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Tri-State drama advisers sound off on 'Les Misrables'

April 07, 2003|by ANDREW SCHOTZ

andrews@herald-mail.com

Steve Glendenning's students have said "damn" and "hell" on stage.

If that's what the playwright wrote, that's what the actors say.

Glendenning, who advises Jefferson (W.Va.) High School's drama club, recalled a sexual reference in the dialogue of a student-directed play. A mother objected to her child speaking the line; the student was given another part.

Drugs and alcohol are another story. The administration frowns on "grossly promoting" the use of either in a play, Glendenning said.

Tri-State high school theater advisers said they usually look first for a good story, one that fits the abilities of their cast and has educational or cultural merit.

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When it comes to questionable themes and language, they also try to balance artistic freedom with community standards. It can be a tightrope walk.

If a script calls for "holding hands and a kiss, I would have no problem," said Kevin R. Carley, the dean of students and drama club adviser at Greencastle-Antrim High School in Franklin County, Pa. Anything sexually stronger, and he gets uncomfortable.

Greencastle-Antrim's plays "have been pretty clean," he said.

"You've got to look at the situation, if it fits ... (but) I wouldn't want to offend my audience" with bad language, Carley said.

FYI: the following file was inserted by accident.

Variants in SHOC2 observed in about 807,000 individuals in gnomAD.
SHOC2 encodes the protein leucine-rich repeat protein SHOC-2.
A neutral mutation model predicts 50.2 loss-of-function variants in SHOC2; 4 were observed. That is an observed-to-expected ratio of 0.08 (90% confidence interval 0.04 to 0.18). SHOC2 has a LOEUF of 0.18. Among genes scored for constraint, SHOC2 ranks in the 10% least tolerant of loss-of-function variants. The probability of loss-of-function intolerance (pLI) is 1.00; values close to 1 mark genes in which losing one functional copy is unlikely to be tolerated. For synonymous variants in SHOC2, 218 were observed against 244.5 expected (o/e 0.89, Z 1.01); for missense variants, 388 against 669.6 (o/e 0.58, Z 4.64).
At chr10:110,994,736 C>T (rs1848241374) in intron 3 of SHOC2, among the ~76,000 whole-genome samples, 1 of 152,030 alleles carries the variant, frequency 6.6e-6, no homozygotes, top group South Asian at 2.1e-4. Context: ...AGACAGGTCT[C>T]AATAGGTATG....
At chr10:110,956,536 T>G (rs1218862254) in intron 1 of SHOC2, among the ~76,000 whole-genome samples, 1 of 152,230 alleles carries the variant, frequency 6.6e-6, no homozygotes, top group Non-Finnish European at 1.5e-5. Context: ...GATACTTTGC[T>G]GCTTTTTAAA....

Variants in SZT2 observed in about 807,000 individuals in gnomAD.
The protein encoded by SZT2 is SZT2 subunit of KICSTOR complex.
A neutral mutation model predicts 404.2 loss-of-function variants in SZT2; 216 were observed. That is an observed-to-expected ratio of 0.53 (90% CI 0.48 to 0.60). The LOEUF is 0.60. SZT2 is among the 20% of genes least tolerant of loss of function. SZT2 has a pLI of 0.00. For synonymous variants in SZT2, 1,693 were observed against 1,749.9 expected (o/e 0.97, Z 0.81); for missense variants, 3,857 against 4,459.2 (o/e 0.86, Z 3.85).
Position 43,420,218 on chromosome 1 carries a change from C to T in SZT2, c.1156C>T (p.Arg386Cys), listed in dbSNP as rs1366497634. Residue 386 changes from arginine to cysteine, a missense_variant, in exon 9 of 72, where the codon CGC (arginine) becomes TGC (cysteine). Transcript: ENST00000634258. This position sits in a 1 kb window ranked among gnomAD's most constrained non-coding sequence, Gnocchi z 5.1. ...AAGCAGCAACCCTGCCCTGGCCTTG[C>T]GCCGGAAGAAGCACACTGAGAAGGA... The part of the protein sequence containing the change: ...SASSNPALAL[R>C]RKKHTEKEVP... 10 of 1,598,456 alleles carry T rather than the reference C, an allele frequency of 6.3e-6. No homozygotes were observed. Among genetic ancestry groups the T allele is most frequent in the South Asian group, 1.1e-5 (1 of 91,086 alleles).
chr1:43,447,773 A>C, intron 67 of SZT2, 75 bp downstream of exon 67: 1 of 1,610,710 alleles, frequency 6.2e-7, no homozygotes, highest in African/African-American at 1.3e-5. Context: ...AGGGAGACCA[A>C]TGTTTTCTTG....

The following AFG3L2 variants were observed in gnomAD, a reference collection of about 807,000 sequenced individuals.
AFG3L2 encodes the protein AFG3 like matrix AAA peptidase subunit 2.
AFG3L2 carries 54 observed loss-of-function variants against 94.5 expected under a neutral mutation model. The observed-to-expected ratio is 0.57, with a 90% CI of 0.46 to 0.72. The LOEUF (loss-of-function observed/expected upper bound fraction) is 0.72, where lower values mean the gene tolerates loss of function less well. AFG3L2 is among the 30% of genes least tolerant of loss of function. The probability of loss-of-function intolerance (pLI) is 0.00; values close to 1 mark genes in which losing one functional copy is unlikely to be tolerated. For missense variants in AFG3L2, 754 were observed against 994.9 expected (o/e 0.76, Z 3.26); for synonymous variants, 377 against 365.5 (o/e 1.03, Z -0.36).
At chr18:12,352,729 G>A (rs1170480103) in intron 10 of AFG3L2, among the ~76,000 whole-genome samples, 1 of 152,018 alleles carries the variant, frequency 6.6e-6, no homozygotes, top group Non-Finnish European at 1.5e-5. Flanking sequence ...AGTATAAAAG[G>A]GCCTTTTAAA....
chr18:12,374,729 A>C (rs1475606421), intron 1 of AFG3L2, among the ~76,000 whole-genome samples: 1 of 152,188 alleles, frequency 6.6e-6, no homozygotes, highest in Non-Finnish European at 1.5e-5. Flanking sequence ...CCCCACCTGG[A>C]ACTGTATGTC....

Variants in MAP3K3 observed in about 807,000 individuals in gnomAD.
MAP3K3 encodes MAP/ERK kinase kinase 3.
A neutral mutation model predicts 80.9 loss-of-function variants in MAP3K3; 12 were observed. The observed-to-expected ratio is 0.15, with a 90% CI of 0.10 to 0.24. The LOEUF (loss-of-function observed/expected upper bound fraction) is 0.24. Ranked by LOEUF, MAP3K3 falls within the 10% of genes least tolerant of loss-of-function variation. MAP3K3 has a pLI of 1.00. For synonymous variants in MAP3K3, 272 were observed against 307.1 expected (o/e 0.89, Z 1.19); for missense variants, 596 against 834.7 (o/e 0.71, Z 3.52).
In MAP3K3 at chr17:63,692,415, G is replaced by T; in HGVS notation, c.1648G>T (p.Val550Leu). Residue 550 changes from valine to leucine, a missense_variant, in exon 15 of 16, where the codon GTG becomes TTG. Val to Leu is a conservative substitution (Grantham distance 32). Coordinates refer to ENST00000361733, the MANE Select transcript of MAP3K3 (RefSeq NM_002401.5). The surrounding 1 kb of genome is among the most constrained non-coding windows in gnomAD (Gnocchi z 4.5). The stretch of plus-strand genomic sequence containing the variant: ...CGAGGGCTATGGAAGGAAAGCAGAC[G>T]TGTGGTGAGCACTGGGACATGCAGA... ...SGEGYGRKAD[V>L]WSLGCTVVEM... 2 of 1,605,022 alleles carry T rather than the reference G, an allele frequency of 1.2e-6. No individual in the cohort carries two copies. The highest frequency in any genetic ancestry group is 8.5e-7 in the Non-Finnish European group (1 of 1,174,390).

"The only word I would consider altering is the F bomb," Glendenning said.

Louise Mann, a theater teacher and drama adviser at Martinsburg (W.Va.) High School, said "Nunsense," a spoof about nuns trying to bury other nuns killed by tainted soup, might make for good community theater, but wouldn't go over well at her school.

"We have a Catholic population," she said. "This is a politically correct era, and when you have so many choices ..."

Off-color dialogue has been an issue at Williamsport High School, where students are performing "Les Misrables."

Mann said she would preserve the musical's bad language because "it is such a minute ... segment" of a powerful show.

Carley thinks "Les Misrables" is "a little deep" in high school, but might be fine in college.

Deb Hollen, the drama adviser at Waynesboro (Pa.) Area High School, said in an e-mail interview that she usually deletes bad language unless "it supports the time period, the characterization or the situation."

In this case, she decided it does.

"... (T)he valuable lessons that it teaches (are) a far greater reason for doing the show than to not do it for the sake of a few words," Hollen wrote.

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